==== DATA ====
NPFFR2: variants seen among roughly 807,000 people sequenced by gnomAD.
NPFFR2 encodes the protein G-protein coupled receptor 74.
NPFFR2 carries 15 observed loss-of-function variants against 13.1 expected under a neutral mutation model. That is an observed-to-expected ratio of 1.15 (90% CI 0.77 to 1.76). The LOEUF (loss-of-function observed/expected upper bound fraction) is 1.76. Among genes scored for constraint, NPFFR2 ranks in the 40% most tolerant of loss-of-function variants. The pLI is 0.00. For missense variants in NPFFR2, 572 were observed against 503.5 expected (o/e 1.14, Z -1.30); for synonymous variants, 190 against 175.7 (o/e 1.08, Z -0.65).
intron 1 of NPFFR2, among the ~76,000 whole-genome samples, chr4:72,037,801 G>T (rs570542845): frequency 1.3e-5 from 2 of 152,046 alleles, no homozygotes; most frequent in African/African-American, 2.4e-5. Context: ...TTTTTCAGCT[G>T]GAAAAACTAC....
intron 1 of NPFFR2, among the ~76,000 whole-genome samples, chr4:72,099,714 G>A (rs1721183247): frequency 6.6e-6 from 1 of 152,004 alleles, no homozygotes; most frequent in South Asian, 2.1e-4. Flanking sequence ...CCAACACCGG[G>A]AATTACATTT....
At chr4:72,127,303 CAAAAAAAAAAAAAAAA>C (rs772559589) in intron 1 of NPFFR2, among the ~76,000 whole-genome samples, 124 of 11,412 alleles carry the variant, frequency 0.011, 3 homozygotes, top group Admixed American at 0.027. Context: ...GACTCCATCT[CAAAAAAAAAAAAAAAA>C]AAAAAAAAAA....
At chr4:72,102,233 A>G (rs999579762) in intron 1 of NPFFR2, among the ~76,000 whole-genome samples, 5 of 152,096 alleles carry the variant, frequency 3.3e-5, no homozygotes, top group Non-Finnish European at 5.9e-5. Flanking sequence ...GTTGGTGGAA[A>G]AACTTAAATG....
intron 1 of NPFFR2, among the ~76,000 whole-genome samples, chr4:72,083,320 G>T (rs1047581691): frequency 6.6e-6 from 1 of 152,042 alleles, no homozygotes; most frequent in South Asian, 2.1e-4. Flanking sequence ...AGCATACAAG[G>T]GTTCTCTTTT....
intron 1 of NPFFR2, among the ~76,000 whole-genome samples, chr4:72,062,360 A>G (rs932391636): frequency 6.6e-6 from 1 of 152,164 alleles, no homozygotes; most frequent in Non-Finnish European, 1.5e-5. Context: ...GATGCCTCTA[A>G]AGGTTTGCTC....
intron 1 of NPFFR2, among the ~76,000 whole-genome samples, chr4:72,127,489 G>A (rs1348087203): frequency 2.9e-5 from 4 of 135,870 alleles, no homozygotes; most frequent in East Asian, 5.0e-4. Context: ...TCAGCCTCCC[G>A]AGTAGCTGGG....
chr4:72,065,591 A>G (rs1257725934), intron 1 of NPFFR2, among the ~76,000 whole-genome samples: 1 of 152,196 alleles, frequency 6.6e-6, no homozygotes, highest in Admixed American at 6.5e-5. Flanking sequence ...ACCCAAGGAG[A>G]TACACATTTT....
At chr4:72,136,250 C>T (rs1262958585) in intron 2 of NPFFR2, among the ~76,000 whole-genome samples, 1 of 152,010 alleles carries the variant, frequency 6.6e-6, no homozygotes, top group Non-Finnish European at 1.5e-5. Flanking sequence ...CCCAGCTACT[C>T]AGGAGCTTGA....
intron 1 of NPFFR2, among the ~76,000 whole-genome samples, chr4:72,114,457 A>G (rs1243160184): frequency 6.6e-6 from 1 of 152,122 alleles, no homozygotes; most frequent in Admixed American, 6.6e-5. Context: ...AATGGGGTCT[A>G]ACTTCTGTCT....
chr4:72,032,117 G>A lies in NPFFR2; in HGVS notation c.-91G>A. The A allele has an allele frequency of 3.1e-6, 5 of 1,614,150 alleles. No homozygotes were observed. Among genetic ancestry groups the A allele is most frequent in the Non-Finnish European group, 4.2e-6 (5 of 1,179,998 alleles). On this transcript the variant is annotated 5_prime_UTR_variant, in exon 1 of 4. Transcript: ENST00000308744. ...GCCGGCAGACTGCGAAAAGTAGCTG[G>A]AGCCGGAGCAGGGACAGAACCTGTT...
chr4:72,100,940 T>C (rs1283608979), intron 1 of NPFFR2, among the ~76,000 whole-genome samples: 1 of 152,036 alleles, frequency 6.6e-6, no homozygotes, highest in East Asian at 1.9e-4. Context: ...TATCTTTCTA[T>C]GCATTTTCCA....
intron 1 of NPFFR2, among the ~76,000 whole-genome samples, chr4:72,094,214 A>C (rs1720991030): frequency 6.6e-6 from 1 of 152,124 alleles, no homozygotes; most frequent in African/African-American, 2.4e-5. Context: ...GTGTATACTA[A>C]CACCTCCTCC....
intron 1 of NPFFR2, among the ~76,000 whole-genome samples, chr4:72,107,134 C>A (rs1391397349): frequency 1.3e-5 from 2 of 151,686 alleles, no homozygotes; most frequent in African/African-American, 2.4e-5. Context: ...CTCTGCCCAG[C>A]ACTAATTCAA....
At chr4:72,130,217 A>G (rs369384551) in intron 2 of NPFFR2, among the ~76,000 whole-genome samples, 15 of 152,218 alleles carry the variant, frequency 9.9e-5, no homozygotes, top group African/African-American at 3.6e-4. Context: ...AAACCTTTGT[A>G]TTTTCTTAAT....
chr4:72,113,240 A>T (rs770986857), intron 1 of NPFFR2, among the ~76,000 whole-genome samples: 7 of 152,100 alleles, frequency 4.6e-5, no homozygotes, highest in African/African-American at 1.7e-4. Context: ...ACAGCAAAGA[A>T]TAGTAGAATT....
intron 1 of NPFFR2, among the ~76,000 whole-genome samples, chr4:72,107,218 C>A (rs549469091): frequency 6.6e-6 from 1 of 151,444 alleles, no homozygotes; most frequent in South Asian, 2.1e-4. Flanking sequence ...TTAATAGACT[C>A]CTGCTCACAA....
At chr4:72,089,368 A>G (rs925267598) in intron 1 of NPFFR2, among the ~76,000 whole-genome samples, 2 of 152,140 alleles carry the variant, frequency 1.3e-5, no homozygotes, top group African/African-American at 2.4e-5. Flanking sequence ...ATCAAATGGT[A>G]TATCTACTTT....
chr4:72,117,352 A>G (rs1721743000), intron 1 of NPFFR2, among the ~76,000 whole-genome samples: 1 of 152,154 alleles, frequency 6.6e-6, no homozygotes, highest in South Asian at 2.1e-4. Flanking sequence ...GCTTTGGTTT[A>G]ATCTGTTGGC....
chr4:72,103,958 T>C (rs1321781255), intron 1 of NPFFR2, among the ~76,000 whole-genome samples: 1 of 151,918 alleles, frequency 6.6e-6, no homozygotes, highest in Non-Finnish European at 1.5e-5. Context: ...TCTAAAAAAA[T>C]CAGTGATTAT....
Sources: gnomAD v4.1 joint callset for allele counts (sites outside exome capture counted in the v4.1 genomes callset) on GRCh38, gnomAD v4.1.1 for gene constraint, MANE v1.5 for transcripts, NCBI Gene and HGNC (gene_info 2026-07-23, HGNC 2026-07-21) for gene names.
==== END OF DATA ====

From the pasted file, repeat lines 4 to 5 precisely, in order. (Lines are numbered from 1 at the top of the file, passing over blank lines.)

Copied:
intron 1 of NPFFR2, among the ~76,000 whole-genome samples, chr4:72,037,801 G>T (rs570542845): frequency 1.3e-5 from 2 of 152,046 alleles, no homozygotes; most frequent in African/African-American, 2.4e-5. Context: ...TTTTTCAGCT[G>T]GAAAAACTAC....
intron 1 of NPFFR2, among the ~76,000 whole-genome samples, chr4:72,099,714 G>A (rs1721183247): frequency 6.6e-6 from 1 of 152,004 alleles, no homozygotes; most frequent in South Asian, 2.1e-4. Flanking sequence ...CCAACACCGG[G>A]AATTACATTT....